Philippines: Candidates’ Views on Rights in Spotlight

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Monday, 2 May 2016 - Last Updated on February 5, 2017

Two of the five presidential candidates in the Philippines, Mar Roxas and Miriam Defensor Santiago, responded to a questionnaire on key human rights issues facing the country, Human Rights Watch said today in releasing the responses. Topics covered include accountability for abuses by state security forces, ending torture, indigenous peoples’ rights, killings of journalists, HIV/AIDS, and internal displacement. The presidential election is scheduled for May 9, 2016.

All candidates should take a stand on human rights in the campaign’s remaining days, Human Rights Watch said.

“Human rights are critically important in the Philippines so it’s important to learn what the candidates have to say about them,” said Brad Adams, Asia director at Human Rights Watch. “The candidates who responded to the questionnaire are helping Filipino voters better understand the country’s problems, and the steps that can be taken to address them.”

Human Rights Watch sent the human rights questionnaire to all five presidential campaigns on March 21 and sought responses by April 15, a deadline that was extended to April 21. The questionnaire contained 10 questions.

The campaigns of Roxas and Santiago submitted completed questionnaires by April 15. No response was received from the other three candidates: Jejomar Binay, Rodrigo Duterte, and Grace Poe.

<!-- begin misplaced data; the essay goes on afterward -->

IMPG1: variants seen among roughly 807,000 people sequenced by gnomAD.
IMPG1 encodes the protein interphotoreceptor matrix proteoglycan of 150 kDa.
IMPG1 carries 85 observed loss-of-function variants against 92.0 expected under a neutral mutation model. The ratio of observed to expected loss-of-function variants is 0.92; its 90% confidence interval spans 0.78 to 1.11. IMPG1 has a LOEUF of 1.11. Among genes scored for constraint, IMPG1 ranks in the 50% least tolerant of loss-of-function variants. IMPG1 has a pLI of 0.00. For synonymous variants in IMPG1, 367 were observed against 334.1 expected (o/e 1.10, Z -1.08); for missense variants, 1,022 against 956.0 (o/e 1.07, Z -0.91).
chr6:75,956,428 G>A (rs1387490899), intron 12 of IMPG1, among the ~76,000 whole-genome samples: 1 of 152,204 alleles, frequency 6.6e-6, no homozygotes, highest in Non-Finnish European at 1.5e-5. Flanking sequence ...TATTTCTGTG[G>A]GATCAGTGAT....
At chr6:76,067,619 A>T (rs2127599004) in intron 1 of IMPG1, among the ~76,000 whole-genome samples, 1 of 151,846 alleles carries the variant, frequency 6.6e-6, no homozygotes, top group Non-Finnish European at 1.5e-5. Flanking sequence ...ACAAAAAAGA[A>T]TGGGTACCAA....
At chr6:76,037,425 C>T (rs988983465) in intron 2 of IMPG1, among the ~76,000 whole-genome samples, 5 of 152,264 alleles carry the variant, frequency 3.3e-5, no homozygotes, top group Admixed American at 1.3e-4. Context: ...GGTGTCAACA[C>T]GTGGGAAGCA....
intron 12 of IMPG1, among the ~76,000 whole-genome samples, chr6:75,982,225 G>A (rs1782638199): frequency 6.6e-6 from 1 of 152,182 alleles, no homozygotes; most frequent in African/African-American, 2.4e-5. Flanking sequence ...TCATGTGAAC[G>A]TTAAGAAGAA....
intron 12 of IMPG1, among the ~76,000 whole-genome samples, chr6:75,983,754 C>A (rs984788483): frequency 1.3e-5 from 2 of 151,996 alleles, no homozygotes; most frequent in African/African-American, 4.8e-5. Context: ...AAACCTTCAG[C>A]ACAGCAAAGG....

“Human rights and justice go to the heart of how a government should be run,” said Adams.

Human rights have not figured prominently in the media coverage of the campaign or in two of the three presidential debates held so far. Much of the discussion thus far has focused on allegations that Duterte, as mayor of Davao City, was complicit in the operations of the so-called Davao Death Squad, which is linked to hundreds of killings of suspected criminals.

Term limits in the Philippine constitution bar the current president, Benigno Aquino III, from re-election. Aquino has presided over some positive developments on human rights, such as the passage of a reproductive health law. However, impunity persists for extrajudicial killings and torture linked to elements of the military and the police. Killings of journalists continue. Indigenous peoples and other marginalized groups forced to flee their homes because of fighting between government forces and insurgent groups have received inadequate assistance.

“The presidential candidates should make their positions and plans for protecting human rights clear,” Adams said. “Filipino voters should go to the polls with full knowledge of their prospective leaders’ positions on these life-and-death issues.

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